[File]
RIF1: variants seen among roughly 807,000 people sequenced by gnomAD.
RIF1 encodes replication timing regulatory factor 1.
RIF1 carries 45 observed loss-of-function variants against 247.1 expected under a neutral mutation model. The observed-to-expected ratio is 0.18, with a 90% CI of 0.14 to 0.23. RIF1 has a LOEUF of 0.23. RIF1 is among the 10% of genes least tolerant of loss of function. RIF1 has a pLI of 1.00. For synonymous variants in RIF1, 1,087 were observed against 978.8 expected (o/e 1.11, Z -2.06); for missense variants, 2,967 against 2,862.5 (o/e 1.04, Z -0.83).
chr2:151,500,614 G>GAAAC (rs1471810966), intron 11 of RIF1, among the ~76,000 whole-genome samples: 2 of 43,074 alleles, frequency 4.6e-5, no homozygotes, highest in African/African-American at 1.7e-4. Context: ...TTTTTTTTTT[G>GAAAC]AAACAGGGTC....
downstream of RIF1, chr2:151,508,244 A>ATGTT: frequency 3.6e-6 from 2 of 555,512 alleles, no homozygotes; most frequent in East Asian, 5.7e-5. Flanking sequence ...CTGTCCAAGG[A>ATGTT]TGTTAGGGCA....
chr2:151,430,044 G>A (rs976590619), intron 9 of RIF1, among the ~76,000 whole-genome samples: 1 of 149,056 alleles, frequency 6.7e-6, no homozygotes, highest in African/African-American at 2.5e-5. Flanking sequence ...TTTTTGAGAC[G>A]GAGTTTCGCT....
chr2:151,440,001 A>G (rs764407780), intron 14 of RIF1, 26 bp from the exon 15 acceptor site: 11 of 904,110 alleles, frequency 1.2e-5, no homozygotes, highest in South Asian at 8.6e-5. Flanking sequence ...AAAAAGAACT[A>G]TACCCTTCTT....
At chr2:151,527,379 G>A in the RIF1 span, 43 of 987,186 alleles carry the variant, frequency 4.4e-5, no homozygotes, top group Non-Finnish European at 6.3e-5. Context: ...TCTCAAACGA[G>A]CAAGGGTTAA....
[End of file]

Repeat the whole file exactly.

RIF1: variants seen among roughly 807,000 people sequenced by gnomAD.
RIF1 encodes replication timing regulatory factor 1.
RIF1 carries 45 observed loss-of-function variants against 247.1 expected under a neutral mutation model. The observed-to-expected ratio is 0.18, with a 90% CI of 0.14 to 0.23. RIF1 has a LOEUF of 0.23. RIF1 is among the 10% of genes least tolerant of loss of function. RIF1 has a pLI of 1.00. For synonymous variants in RIF1, 1,087 were observed against 978.8 expected (o/e 1.11, Z -2.06); for missense variants, 2,967 against 2,862.5 (o/e 1.04, Z -0.83).
chr2:151,500,614 G>GAAAC (rs1471810966), intron 11 of RIF1, among the ~76,000 whole-genome samples: 2 of 43,074 alleles, frequency 4.6e-5, no homozygotes, highest in African/African-American at 1.7e-4. Context: ...TTTTTTTTTT[G>GAAAC]AAACAGGGTC....
downstream of RIF1, chr2:151,508,244 A>ATGTT: frequency 3.6e-6 from 2 of 555,512 alleles, no homozygotes; most frequent in East Asian, 5.7e-5. Flanking sequence ...CTGTCCAAGG[A>ATGTT]TGTTAGGGCA....
chr2:151,430,044 G>A (rs976590619), intron 9 of RIF1, among the ~76,000 whole-genome samples: 1 of 149,056 alleles, frequency 6.7e-6, no homozygotes, highest in African/African-American at 2.5e-5. Flanking sequence ...TTTTTGAGAC[G>A]GAGTTTCGCT....
chr2:151,440,001 A>G (rs764407780), intron 14 of RIF1, 26 bp from the exon 15 acceptor site: 11 of 904,110 alleles, frequency 1.2e-5, no homozygotes, highest in South Asian at 8.6e-5. Flanking sequence ...AAAAAGAACT[A>G]TACCCTTCTT....
At chr2:151,527,379 G>A in the RIF1 span, 43 of 987,186 alleles carry the variant, frequency 4.4e-5, no homozygotes, top group Non-Finnish European at 6.3e-5. Context: ...TCTCAAACGA[G>A]CAAGGGTTAA....